You did a fine job of explaining the intrisinc value of homemaking Amira. That's where today's consumer falls down on the job. Everything has a dollar cost, however, not everything gets factored into the cost. For example; I pay a gardener to come to our house once a week to mow the lawns. It is a job I love doing. However, I have developed an allergy to fresh mown grass. So I have to factor in not only the time saving but the costs of the allergy medicine, and doctor visit when I decide I could do as good a job as the gardener. It's very frustrating because I love mowing lawns.

    Another thing that usually gets exempted from the calculation is frustration level. If you can sew, but hate it, and by hating it I mean you get in a bad mood, yell at everyone around you and feel miserable and stressed each time you sew, it's probably not worth the cost savings. it is a good thing to barter for however.

    Oh my I have tsken this far off the course of cooking. Sorry. it's just my homemakeing economics thing getting in the way again.

  4. chronicler, I think the frustration level is *very* important, but often overlooked. And that's why no one system works for everyone.

    I've not met many people who ike mowing the lawn. When I was growing up I'd always trade jobs with my sisters so I could be the one mowing the lawn. I'm sorry you can't do that anymore.

    Julie, do you trade babysitting a lot? It seems like you've mentioned that fairly often. For me it's more frustrating (like chronicler was saying) that it's worth to trade babysitting. I'd rather just take care of my own children all the time instead of having a break sometimes and having twice as many children around at other times. I like to take care of other people's children in nursery when I can hand off any problem children, but when they're at my house, I have to be totally in charge of them. Drives me nuts. :)

    And what crockpot meals do you do? I have trouble finding ones that work well for our family because we eat little meat and the boys don't like beans much. Most of my meals take about 15-30 minutes of prep time, but it has to be done about an hour before we eat.

  5. I trade babysitting a ton. While it varies from time to time, I'd say that on average, maybe 13 hours per week we either have additional children in our house or my kids are somewhere else.

    I think the key to this is that you find kids who get along well with yours. If you have to spend all of your time playing referee, it is not worth it. I have 'tested' and 'discarded' potential swappers many times because their kids didn't get along with my kids. But it seems like we can always find 2-3 families that we can trade with.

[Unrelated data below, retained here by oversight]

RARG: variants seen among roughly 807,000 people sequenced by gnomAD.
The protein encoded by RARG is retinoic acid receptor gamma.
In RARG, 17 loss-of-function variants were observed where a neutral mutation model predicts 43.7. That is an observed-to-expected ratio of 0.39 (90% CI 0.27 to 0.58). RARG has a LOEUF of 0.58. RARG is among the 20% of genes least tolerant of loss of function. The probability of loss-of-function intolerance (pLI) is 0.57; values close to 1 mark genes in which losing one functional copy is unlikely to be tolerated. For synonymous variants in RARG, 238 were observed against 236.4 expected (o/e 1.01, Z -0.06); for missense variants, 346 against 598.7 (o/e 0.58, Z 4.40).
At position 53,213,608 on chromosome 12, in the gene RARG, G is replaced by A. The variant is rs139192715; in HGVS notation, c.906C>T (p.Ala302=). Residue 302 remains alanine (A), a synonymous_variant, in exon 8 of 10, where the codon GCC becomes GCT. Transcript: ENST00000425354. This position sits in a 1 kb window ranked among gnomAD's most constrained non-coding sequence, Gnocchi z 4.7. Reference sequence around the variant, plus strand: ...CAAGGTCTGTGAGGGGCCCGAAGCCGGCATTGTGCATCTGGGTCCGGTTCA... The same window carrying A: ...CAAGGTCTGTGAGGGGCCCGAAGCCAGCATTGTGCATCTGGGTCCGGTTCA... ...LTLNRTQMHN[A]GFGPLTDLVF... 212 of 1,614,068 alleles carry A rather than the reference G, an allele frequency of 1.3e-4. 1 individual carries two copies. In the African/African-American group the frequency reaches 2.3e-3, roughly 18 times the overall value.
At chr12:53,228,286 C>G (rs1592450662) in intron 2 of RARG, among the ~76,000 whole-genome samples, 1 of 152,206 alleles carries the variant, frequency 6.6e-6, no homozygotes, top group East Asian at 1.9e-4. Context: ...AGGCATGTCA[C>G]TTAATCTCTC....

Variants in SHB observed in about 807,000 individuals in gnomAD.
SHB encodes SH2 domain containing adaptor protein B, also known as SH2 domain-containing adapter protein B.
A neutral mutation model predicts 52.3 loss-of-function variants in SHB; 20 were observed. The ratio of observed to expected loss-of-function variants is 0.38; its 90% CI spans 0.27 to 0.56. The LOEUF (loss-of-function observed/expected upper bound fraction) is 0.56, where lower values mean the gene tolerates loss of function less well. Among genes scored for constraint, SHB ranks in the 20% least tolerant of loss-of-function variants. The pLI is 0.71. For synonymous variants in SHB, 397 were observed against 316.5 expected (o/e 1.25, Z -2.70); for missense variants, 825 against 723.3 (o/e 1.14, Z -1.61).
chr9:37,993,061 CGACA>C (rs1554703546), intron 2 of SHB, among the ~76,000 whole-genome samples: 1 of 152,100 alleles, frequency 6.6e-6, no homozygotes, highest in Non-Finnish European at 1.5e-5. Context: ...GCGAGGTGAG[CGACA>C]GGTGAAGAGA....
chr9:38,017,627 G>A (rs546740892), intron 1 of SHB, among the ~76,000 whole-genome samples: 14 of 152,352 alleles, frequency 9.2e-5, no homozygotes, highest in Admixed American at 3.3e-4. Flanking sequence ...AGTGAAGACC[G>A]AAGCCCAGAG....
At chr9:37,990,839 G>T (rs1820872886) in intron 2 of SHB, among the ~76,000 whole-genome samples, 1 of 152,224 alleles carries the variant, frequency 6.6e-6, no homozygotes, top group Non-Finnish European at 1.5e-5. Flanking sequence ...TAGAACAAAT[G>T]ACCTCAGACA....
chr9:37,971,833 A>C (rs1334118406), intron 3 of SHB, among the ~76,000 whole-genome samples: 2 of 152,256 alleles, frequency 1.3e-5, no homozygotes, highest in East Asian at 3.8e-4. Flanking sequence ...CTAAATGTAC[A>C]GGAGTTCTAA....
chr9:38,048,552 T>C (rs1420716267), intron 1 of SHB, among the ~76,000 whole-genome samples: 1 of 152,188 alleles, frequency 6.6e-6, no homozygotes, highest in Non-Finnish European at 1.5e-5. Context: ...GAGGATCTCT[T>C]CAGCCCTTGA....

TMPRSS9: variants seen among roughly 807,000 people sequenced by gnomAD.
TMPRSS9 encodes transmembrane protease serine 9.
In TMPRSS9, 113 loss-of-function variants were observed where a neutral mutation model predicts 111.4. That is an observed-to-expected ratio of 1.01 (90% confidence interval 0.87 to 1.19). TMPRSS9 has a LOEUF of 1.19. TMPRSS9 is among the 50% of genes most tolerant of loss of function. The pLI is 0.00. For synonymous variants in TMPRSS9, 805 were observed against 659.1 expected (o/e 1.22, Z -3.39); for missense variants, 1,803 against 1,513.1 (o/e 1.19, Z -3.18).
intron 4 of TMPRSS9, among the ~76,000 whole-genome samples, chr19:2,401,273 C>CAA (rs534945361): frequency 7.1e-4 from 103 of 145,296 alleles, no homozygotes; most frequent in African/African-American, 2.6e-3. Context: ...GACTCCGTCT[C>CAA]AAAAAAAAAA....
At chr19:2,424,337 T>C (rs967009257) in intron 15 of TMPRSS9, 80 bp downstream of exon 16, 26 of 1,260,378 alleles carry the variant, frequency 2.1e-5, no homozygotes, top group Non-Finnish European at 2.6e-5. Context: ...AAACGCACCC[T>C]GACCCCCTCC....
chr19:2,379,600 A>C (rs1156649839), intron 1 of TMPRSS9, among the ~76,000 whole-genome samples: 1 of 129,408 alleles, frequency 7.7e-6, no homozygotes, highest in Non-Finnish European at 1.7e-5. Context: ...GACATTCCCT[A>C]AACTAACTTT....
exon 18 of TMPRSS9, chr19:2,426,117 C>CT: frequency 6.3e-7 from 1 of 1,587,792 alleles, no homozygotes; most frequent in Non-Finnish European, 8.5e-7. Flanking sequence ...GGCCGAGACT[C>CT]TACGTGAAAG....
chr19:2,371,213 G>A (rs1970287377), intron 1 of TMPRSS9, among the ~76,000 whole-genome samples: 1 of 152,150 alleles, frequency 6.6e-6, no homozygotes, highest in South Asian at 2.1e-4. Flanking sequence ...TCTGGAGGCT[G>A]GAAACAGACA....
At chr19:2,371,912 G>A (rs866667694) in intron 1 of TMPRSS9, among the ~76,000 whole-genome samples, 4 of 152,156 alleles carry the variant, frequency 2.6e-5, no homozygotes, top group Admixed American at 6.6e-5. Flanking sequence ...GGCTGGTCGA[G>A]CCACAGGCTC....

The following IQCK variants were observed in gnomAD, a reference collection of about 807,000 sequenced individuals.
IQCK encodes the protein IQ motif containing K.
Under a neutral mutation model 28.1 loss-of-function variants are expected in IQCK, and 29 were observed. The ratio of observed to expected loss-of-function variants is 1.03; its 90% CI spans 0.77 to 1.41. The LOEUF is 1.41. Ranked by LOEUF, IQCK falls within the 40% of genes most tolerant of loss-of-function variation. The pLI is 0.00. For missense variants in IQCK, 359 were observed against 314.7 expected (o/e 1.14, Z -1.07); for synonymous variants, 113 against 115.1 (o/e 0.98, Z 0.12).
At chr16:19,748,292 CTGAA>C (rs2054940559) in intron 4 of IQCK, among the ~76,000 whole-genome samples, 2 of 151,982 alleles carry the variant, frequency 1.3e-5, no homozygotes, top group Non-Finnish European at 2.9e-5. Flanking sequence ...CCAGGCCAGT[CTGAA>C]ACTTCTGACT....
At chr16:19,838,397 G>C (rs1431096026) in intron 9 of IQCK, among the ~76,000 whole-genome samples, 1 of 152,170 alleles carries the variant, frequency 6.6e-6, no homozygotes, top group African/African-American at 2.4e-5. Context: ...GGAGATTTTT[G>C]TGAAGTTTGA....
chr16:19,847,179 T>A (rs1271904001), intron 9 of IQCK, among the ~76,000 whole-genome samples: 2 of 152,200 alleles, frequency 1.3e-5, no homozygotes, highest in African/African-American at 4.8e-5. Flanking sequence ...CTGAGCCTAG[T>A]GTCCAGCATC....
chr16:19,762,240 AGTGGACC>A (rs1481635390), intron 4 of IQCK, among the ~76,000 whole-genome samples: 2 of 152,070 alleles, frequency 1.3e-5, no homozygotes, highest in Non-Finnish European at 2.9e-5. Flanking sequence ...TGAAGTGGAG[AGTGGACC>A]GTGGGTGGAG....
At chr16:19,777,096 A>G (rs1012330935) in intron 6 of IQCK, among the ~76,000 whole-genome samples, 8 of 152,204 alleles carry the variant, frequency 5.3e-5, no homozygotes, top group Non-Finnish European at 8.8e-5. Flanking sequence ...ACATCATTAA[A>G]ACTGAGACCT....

Crock-pot. Everything I do has meat, but not a lot. I save money on meat by taking competitor's ads to Wal-Mart, where they price match. My geneal guideline is to buy whatever I can that's less than 2$/pound, so this week I was able to get chicken breast tenderloins and a pork tenderloin. So I start meal planning by seeing what meat is cheap and working aroung that.

    Here are my three favorite summer crock-pot meals:

    (1) Chicken burritos: put three chicken breats (still frozen OK) in along with a jar of salsa and a drained can of pinto beans. Cook on low all day. Before serving, shred the chicken (this is really fast because it is so mushy) and lightly mash the beans and recombine chicken and beans. (My kids don't like beans but will eat this because they don't notice them.) This makes great chicken burritos: just put in a tortilla along with whatever toppings you like. (I also do virtually the same thing with beef--any roast type beef will work.)

    (2) Pizza. In a pan, brown one pound italian sausage. Add to crock pot with your favorite spaghetti sauce and cook all day on low. Cut a loaf of French bread in half, spray with pan and coat with Italian spices and bake at 425 for about 5 minutes. Then spoon sauce and sausage on and cover with shredded mozzerella (which will melt on its own).

    (3) Put a roast in the crock pot along with two cans of the dreaded cream of mushroom soup, a cup of water, and a package of lipton onion soup. Cook on low all day. You can serve this as a roast or as roast beef sandwiches.